Autopsy Of A Dead Market: The Google Flash-Crash

Tyler Durden's picture

Still chasing US equities up and down each day? Buying-and-holding large caps for their 'safety'? Reassured that money-on-the-sidelines will take us higher? Waiting for the Great Rotation? Perhaps the following post-mortem from Nanex on today's flash crash in the stock not of some microcap but of nearly $300 billion market cap behemoth Google, will reduce just a little of the fervor over what so many call the stock 'market' and its 'free' and 'efficient' nature.

This was no 'fat finger' as we are supposedly reassured by the media; but as BusinessWeek notes on trader's comments:

“Funny how two years ago this would have been a big issue. Now the market has almost become complacent of these errors.”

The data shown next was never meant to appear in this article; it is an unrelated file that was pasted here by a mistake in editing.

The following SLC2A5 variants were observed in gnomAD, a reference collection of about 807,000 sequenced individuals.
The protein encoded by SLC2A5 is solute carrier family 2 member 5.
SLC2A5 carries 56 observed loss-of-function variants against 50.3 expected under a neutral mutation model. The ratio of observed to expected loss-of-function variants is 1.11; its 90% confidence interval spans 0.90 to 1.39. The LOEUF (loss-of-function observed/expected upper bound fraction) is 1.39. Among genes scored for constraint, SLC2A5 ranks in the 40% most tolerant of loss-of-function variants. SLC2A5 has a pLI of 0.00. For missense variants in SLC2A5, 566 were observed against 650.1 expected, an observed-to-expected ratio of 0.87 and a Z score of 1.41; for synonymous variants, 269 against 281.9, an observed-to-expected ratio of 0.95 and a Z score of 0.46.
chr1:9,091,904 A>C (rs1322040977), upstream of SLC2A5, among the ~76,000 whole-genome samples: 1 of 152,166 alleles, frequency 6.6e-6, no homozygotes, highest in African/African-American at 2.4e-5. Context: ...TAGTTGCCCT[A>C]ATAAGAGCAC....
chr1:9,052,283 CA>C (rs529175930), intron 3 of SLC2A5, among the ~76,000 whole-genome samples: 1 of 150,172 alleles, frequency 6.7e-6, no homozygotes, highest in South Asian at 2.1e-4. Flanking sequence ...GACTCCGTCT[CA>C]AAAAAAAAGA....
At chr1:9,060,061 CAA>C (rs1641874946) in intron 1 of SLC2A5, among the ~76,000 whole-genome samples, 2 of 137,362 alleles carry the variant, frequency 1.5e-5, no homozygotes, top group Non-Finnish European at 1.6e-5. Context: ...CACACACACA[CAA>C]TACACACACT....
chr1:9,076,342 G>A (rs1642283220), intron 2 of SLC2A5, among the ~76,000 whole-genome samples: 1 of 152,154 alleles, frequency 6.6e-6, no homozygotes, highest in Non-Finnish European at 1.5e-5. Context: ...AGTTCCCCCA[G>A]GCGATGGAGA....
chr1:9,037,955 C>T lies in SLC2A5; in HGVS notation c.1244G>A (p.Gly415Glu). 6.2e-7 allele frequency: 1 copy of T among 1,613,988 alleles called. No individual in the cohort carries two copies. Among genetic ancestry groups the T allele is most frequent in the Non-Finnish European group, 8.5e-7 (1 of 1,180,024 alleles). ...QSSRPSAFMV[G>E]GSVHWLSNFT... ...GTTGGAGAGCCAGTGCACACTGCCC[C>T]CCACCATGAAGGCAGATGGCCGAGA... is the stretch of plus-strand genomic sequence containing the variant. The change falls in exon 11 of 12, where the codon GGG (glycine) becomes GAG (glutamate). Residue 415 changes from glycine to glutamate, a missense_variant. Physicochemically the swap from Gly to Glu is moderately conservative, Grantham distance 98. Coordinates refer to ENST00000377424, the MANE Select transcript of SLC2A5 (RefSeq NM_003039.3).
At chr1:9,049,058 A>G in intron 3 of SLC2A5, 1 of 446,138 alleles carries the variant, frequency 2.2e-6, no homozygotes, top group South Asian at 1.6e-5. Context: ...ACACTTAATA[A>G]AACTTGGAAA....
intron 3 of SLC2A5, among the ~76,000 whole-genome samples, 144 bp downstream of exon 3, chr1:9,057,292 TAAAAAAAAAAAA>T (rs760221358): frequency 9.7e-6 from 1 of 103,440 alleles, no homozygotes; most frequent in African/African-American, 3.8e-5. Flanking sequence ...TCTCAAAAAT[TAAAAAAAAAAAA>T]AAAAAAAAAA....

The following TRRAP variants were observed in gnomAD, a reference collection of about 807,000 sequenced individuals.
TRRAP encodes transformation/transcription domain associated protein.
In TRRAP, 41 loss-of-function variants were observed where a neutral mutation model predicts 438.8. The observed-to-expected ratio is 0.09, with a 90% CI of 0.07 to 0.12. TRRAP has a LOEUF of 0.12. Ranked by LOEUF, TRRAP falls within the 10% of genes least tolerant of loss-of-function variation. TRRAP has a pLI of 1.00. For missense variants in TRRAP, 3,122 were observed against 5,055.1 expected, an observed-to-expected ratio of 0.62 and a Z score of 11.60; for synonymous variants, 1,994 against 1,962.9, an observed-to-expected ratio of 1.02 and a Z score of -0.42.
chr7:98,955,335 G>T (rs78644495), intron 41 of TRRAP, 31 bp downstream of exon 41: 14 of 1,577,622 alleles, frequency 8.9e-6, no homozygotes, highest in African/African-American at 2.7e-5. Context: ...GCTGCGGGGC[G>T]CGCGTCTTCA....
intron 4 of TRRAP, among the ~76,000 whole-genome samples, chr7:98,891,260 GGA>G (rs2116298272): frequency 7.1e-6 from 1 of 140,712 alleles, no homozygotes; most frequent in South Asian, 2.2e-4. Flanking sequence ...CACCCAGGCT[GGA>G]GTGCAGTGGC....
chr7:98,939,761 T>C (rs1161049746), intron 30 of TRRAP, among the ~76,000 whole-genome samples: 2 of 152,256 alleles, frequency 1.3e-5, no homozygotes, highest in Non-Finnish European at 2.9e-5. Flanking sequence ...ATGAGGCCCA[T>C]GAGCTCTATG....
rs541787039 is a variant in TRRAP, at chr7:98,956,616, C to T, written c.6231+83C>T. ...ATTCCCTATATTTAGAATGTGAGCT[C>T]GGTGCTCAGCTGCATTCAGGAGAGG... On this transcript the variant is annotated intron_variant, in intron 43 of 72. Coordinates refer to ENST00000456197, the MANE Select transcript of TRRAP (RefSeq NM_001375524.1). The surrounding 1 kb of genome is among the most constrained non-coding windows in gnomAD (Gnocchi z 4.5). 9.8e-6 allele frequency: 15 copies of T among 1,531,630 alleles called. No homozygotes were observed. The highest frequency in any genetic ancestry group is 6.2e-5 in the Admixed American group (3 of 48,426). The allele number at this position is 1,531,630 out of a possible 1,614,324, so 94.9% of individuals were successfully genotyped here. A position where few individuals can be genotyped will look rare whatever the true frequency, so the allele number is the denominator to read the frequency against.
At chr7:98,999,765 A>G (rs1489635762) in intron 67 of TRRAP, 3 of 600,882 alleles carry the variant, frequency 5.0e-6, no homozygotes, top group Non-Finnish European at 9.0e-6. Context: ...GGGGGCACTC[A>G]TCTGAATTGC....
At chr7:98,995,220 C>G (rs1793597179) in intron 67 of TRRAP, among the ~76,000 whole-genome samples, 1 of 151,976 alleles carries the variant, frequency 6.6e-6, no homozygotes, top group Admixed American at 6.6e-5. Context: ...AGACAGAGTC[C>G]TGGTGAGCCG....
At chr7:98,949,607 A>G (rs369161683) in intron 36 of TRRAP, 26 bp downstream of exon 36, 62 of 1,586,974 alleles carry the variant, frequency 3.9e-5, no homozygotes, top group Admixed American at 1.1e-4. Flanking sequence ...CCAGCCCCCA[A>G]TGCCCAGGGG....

Via Nanex,

On April 22, 2013 at 9:37:11.500 (ET), Google Flash Crashed. The price dropped from $796 to $775 in about 3/4 of a second, then rebounded to $793 a second later. The drop invovled 307 trades and 57,255 shares from 10 exchanges + dark pools. During the drop, there were 5 orders placed for every trade executed (meaning 4 orders placed/canceled for every trade).

See charts of HES later the same morning which was likely from a fat finger (Google crash probably not from a fat finger) 



2. GOOG - Showing bids and asks color coded by exchange.
Plenty of quotes, but few lasting long enough.

 



3. GOOG - Showing trades color coded by exchange.
Zooming in from Chart 1.

 



4. GOOG - Showing bids color coded by exchange.
There are 5 times as many buy orders as trades. Over 1,000 orders were placed and canceled during the 3/4 second drop!

 



5. GOOG - Showing trades color coded by exchange.
This is one second of data!